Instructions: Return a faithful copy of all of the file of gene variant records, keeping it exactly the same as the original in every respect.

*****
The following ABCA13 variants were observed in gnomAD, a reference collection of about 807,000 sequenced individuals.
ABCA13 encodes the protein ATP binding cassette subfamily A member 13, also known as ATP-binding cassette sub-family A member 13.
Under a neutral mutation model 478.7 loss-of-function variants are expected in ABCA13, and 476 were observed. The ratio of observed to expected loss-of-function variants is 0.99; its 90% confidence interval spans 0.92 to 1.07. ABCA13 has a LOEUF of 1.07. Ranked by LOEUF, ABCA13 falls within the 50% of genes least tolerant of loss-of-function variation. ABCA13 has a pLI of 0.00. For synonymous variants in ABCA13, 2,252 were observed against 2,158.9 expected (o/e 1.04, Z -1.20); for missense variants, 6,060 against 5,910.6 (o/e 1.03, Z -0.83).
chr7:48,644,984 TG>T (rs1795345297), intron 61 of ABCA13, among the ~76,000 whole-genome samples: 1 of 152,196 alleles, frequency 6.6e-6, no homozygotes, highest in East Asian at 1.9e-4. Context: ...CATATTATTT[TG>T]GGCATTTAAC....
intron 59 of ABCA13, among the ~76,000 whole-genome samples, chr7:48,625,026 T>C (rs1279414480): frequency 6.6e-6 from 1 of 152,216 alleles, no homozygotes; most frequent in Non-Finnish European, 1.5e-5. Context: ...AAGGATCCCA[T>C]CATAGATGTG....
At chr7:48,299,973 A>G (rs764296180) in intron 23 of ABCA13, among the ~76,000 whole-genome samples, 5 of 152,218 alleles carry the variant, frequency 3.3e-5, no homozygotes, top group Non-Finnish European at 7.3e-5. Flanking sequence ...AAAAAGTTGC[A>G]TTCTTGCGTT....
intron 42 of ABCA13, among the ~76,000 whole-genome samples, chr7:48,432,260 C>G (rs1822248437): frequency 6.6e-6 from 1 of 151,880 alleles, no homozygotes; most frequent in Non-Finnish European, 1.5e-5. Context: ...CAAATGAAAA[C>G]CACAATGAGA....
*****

The following ABCA13 variants were observed in gnomAD, a reference collection of about 807,000 sequenced individuals.
ABCA13 encodes the protein ATP binding cassette subfamily A member 13, also known as ATP-binding cassette sub-family A member 13.
Under a neutral mutation model 478.7 loss-of-function variants are expected in ABCA13, and 476 were observed. The ratio of observed to expected loss-of-function variants is 0.99; its 90% confidence interval spans 0.92 to 1.07. ABCA13 has a LOEUF of 1.07. Ranked by LOEUF, ABCA13 falls within the 50% of genes least tolerant of loss-of-function variation. ABCA13 has a pLI of 0.00. For synonymous variants in ABCA13, 2,252 were observed against 2,158.9 expected (o/e 1.04, Z -1.20); for missense variants, 6,060 against 5,910.6 (o/e 1.03, Z -0.83).
chr7:48,644,984 TG>T (rs1795345297), intron 61 of ABCA13, among the ~76,000 whole-genome samples: 1 of 152,196 alleles, frequency 6.6e-6, no homozygotes, highest in East Asian at 1.9e-4. Context: ...CATATTATTT[TG>T]GGCATTTAAC....
intron 59 of ABCA13, among the ~76,000 whole-genome samples, chr7:48,625,026 T>C (rs1279414480): frequency 6.6e-6 from 1 of 152,216 alleles, no homozygotes; most frequent in Non-Finnish European, 1.5e-5. Context: ...AAGGATCCCA[T>C]CATAGATGTG....
At chr7:48,299,973 A>G (rs764296180) in intron 23 of ABCA13, among the ~76,000 whole-genome samples, 5 of 152,218 alleles carry the variant, frequency 3.3e-5, no homozygotes, top group Non-Finnish European at 7.3e-5. Flanking sequence ...AAAAAGTTGC[A>G]TTCTTGCGTT....
intron 42 of ABCA13, among the ~76,000 whole-genome samples, chr7:48,432,260 C>G (rs1822248437): frequency 6.6e-6 from 1 of 151,880 alleles, no homozygotes; most frequent in Non-Finnish European, 1.5e-5. Context: ...CAAATGAAAA[C>G]CACAATGAGA....